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With Richard Seymour becoming external design director at Elida Fabergé, and Hutchison Whampoa taking on Doug Hamilton as a consultant, we might expect more clients to take this sophisticated approach to design management.

With Richard Seymour becoming external design director at Elida Fabergé, and Hutchison Whampoa taking on Doug Hamilton as a consultant, we might expect more clients to take this sophisticated approach to design management. What are the pros and cons of this type of arrangement?

‘There aren’t any cons. It’s a great idea. It’s been happening to us for a while. We’re brought in – or I am – to start things off and then the project is handed over to other people. Smart clients are creating virtual teams [bringing in individuals for specific roles rather than hiring a consultancy], but it is hard for a designer to cost.’

Michael Johnson, Creative Director, Johnson Banks

‘Anything that improves the quality of design management in Britain has to be a positive step. The people who perform these roles, though, need to have considerable experience in both design and management if they are to be effective. The best designers don’t necessarily make the best managers, and vice versa.’

Chris Holt, creative consultant, Springpoint

‘The best of good fortune to Richard Seymour and Doug Hamilton. Their new roles as leaders of design management on the client side brings them new challenges – strict budget control, inflexible time scales and ingrained corporate cultures. It will be fun, but also potentially frustrating unless they really lead their corporate peers from the front.’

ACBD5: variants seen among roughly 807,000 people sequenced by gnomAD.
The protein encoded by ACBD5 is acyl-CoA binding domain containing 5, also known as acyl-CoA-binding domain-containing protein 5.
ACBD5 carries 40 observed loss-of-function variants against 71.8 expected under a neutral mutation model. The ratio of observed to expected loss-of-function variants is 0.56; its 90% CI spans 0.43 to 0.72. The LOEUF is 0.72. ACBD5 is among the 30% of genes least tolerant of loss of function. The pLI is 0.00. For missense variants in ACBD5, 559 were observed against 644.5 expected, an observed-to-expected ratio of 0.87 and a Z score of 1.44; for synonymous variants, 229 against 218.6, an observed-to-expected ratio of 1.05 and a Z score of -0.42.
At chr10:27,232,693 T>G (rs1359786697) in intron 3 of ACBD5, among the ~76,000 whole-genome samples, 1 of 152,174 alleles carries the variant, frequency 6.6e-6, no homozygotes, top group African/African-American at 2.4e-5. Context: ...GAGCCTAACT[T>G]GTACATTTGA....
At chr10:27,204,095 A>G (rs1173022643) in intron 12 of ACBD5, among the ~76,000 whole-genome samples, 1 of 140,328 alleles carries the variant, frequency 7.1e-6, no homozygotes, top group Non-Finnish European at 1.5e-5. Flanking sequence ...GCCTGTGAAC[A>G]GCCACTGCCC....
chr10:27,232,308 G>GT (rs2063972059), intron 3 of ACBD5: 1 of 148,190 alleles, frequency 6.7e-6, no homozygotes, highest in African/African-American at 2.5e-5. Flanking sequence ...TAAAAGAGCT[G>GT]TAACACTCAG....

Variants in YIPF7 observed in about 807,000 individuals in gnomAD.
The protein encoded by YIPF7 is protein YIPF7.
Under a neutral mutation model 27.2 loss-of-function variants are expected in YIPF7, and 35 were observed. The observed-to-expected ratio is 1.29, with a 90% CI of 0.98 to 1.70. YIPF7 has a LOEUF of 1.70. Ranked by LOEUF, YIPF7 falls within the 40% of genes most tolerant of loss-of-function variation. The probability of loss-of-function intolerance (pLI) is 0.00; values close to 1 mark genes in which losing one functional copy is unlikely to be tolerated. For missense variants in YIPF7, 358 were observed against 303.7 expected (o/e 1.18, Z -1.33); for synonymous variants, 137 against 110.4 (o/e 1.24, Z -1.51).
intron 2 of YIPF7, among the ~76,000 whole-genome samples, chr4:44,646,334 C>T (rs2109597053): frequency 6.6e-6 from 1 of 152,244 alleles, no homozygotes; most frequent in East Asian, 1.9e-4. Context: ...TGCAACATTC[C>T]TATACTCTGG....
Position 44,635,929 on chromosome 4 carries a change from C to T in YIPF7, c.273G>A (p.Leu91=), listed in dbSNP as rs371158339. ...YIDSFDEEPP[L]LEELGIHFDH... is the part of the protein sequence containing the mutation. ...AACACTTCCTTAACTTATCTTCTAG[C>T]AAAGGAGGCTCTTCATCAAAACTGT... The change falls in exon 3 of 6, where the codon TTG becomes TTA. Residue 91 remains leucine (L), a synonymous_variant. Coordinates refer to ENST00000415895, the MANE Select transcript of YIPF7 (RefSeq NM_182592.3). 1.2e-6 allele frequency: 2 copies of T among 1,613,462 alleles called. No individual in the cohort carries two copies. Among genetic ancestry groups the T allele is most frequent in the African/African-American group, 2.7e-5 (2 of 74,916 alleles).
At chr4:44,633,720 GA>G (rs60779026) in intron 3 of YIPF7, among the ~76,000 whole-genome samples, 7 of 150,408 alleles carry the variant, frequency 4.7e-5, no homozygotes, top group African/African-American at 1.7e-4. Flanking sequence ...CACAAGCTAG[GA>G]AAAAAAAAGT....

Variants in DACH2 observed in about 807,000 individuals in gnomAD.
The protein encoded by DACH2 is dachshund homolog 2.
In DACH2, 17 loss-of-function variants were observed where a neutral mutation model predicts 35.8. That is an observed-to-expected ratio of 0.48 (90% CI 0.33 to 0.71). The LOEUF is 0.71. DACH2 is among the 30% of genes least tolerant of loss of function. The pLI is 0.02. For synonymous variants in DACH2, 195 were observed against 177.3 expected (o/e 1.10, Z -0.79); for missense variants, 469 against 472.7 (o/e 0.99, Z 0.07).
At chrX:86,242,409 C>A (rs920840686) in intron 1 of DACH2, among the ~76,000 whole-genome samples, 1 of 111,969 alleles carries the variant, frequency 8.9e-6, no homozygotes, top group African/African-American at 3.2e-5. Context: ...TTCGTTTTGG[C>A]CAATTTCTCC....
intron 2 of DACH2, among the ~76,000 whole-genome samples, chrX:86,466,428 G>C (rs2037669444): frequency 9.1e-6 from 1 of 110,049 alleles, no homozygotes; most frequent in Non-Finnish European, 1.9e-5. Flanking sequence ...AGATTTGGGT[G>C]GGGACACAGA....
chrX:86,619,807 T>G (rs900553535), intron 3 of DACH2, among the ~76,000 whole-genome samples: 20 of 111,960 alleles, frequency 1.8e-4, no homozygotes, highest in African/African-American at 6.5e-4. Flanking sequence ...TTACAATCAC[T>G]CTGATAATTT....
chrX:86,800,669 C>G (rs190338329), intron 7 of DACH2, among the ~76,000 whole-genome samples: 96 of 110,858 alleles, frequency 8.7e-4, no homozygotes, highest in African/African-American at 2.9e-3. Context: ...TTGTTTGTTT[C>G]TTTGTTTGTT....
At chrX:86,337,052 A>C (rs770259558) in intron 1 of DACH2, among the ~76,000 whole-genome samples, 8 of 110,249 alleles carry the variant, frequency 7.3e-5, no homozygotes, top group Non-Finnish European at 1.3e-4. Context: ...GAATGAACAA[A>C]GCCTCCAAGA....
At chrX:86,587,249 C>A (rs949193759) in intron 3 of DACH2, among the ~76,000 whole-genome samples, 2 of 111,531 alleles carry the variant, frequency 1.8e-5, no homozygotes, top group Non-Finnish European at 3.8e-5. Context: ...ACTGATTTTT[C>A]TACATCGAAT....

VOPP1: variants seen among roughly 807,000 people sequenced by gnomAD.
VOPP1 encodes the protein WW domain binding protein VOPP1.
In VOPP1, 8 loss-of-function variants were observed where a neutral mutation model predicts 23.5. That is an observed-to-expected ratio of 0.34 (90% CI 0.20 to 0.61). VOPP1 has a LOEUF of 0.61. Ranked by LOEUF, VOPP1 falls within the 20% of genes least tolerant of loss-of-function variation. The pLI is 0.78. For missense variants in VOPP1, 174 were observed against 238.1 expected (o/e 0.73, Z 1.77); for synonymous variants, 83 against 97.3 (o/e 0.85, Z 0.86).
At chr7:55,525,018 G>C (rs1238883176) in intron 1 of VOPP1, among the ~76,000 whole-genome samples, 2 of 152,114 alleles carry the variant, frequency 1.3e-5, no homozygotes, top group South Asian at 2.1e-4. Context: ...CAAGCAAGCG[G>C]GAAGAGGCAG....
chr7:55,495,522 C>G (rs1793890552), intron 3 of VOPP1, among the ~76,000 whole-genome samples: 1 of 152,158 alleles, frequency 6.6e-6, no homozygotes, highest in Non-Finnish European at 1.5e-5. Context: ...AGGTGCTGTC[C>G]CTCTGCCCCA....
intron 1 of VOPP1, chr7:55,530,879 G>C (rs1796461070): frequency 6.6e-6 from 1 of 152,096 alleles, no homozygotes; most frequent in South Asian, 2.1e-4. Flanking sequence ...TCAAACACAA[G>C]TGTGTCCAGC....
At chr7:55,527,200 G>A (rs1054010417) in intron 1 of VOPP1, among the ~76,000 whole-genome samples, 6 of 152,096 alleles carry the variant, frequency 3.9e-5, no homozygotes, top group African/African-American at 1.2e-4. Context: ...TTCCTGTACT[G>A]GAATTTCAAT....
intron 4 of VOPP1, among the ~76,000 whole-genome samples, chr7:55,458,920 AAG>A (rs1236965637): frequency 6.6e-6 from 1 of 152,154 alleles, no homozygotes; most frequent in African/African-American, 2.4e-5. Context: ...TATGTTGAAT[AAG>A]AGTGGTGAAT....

Brian Phipps, independent project manager

‘The pros are when it works really well as, historically, with John McConnell at Boots the Chemists, who has the ear of the board and influence. The flipside the others might find is they could become frustrated by a client organisation that is big, complex and slow to change. The day-to-day involvement might become drudgery.’

Patrick Smith, managing director, Enterprise IG

‘Many clients have for years now, successfully moved over to “agency side”, adding complementary and essential skills to an agencies offer. A creative going “client side” is a natural step, with the same principle of adding crucial skills to their new environment. As a creative, I feel the “cons” are down to individuals, not the concepts. Knowing when to direct and not design is the key to the success of this unique relationship.’

Alex Shoolheifer, Creative Director, Shoolheifer Seal Design Consultants

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